McCullagh, James (DNB00)

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McCULLAGH, JAMES (1809–1847), mathematician, son of a poor farmer, was born in 1809, at Glenellie, in the parish of Upper Badoney, co. Tyrone. He entered Trinity College, Dublin, as a pensioner, November 1824, became sizar June 1825, scholar 1827 (the examination being purely classical), and fellow in 1832. He was befriended in his college course by Provost Lloyd, to whom some of his geometrical discoveries were communicated during this period. In 1836 McCullagh was elected professor of mathematics and in 1843 professor of natural philosophy in the university of Dublin. He threw himself into his duties as a teacher with an ardour which communicated itself to his pupils, and gave a powerful stimulus to mathematical and physical studies in the university. He introduced the studies of electricity and galvanism, heat and terrestrial magnetism into the fellowship course.

As secretary of council to the Royal Irish Academy from 1840 to 1842, and as secretary to the Academy from 1842 to 1846, he rendered that institution valuable service. His liberality and influence secured for the museum some of its most precious archæological treasures. Shortly before his death he unsuccessfully contested Dublin University in the nationalist interest. He died by his own hand in October 1847, in a fit of temporary insanity. Dyspepsia and overwork appear to have intensified a mental disorder of which he had shown slight symptoms long before. He was unmarried.

Of the voluminous manuscript investigations, geometrical and physical, which he was known to have had by him ready for the press shortly before his death, no trace could afterwards be found, though careful search was made. Such of them as had already appeared in the transactions of the Royal Irish Academy, the ‘Philosophical Magazine,’ and elsewhere, have been collected in a volume by Drs. Jellett and Haughton (Dublin Univ. Press). To them are added notes of his lectures on the rotation of a solid body round a fixed point, and on the attraction of ellipsoids, and also two short papers on Egyptian chronology, which remain to attest his interest in archæological studies.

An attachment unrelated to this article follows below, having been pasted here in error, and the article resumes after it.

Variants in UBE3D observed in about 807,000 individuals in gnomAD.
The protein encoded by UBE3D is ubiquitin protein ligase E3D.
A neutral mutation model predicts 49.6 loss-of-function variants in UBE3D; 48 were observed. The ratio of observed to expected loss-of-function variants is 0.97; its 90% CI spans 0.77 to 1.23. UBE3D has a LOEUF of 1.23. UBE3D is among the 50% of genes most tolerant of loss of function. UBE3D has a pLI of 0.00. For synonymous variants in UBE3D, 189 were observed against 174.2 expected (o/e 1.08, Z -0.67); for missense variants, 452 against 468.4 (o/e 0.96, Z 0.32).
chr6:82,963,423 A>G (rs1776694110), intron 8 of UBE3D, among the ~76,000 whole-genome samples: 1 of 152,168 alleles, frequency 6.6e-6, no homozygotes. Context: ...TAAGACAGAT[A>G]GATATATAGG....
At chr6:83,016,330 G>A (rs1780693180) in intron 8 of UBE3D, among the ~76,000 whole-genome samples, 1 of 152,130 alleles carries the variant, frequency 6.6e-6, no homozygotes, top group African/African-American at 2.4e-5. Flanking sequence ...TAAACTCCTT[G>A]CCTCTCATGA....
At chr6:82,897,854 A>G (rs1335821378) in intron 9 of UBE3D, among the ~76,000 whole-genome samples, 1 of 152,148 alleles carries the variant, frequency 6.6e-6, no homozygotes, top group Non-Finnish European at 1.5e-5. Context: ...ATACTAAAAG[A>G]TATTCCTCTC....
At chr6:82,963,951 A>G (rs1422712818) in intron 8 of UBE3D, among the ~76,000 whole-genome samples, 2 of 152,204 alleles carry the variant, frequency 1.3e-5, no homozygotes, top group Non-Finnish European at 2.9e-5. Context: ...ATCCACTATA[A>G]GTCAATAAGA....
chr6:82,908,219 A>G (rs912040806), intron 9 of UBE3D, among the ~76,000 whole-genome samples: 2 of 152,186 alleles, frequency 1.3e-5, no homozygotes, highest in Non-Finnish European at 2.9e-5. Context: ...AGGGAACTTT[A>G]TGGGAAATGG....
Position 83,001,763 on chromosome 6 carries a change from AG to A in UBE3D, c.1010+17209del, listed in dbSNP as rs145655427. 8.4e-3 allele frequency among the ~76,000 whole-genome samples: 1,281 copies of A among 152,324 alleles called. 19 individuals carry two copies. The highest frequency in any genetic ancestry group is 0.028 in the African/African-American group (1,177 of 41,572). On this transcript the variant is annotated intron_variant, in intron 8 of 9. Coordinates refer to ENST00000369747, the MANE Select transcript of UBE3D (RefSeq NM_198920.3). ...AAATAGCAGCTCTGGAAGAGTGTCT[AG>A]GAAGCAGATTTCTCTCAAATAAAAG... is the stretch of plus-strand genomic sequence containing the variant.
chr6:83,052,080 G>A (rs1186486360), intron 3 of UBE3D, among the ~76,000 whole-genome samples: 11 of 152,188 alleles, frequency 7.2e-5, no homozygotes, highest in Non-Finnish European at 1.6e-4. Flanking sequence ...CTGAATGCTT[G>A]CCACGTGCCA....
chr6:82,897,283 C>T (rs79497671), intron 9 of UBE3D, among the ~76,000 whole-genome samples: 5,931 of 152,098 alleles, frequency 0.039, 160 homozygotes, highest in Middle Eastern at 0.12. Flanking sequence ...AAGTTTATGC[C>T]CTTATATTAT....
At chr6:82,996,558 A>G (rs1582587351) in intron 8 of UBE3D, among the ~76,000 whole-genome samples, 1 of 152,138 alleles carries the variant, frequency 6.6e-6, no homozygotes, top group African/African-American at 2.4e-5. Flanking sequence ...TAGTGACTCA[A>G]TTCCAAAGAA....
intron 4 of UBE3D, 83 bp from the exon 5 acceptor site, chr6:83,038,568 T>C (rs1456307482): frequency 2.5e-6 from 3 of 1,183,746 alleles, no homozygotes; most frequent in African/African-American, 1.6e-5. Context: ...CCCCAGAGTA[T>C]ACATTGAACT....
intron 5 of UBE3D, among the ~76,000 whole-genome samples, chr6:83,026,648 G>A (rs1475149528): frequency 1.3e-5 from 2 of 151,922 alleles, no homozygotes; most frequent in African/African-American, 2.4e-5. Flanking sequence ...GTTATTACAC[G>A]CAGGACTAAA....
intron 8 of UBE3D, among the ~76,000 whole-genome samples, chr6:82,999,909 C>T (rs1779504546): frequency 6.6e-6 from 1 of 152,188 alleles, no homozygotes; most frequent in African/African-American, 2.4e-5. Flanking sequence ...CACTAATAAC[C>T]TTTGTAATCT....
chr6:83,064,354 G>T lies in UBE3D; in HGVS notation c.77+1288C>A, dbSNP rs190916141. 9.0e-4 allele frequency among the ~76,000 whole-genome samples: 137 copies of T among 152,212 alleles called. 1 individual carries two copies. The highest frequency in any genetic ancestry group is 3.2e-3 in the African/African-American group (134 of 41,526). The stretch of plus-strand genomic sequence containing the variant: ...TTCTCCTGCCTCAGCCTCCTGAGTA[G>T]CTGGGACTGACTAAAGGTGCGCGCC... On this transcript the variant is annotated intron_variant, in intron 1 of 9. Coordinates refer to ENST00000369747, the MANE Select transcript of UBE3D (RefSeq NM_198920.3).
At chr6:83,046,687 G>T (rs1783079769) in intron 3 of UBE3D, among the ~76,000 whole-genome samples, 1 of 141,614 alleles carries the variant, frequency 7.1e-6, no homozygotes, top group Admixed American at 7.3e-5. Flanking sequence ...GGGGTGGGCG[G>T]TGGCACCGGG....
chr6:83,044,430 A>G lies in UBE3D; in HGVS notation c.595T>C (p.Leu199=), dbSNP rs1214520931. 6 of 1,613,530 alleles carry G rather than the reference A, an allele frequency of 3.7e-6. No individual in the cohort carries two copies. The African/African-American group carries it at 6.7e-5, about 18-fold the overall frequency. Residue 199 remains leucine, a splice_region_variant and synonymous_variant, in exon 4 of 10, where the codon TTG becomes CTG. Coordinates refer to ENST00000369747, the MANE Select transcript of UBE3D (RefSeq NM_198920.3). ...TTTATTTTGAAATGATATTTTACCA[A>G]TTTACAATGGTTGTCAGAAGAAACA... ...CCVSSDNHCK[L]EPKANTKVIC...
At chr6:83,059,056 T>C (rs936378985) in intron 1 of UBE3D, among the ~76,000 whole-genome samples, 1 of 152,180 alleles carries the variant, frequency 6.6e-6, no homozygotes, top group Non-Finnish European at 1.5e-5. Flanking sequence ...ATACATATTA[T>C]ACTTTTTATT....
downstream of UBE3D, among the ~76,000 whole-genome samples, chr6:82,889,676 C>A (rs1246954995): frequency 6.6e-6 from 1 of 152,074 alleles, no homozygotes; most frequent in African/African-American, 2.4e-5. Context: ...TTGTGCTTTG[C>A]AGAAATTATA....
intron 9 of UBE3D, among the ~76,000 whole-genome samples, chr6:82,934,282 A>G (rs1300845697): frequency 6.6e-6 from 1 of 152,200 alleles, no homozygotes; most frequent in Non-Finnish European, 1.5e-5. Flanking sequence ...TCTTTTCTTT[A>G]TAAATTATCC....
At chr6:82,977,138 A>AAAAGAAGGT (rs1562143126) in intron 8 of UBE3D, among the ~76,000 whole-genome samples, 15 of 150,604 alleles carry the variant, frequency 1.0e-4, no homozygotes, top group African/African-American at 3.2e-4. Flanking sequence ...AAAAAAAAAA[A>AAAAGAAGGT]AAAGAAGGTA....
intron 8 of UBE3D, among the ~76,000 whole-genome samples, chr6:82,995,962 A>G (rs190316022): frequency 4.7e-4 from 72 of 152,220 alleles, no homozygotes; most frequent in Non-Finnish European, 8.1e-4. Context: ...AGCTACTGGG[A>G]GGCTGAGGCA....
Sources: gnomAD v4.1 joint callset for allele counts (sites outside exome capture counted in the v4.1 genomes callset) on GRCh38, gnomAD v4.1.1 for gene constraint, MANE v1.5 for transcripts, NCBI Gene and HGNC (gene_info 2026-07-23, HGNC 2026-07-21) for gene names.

By far the most important of McCullagh's scanty remains is the memoir on surfaces of the second order, read to the Royal Irish Academy on 30 Nov. 1843. His geometrical work is characterised by an elegance and power which might have placed him beside Chasles and Poncelet had he lived to finish his work. His numerous papers on the wave theory of light contain ingenious attempts to construct a dynamical theory of the luminiferous ether. His geometrical work was in the first instance undertaken as subsidiary to his physical investigations; but, though the geometrical methods and results are of permanent value, his physical theory retains only an historical interest, being vitiated by erroneous fundamental assumptions. It was then a moot point whether the vibrations of plane polarised light are parallel or perpendicular to the plane of polarisation. Fresnel thought they were perpendicular, McCullagh differed from him, and assumed they were parallel. Subsequent researches have proved that Fresnel was right.

[Manchester Examiner, 6 Nov. 1847; Nation, 30 Oct. (p. 889) and 20 Nov. (p. 939) 1847; information supplied by Dr. Ingram, F.T.C.D.]

C. P.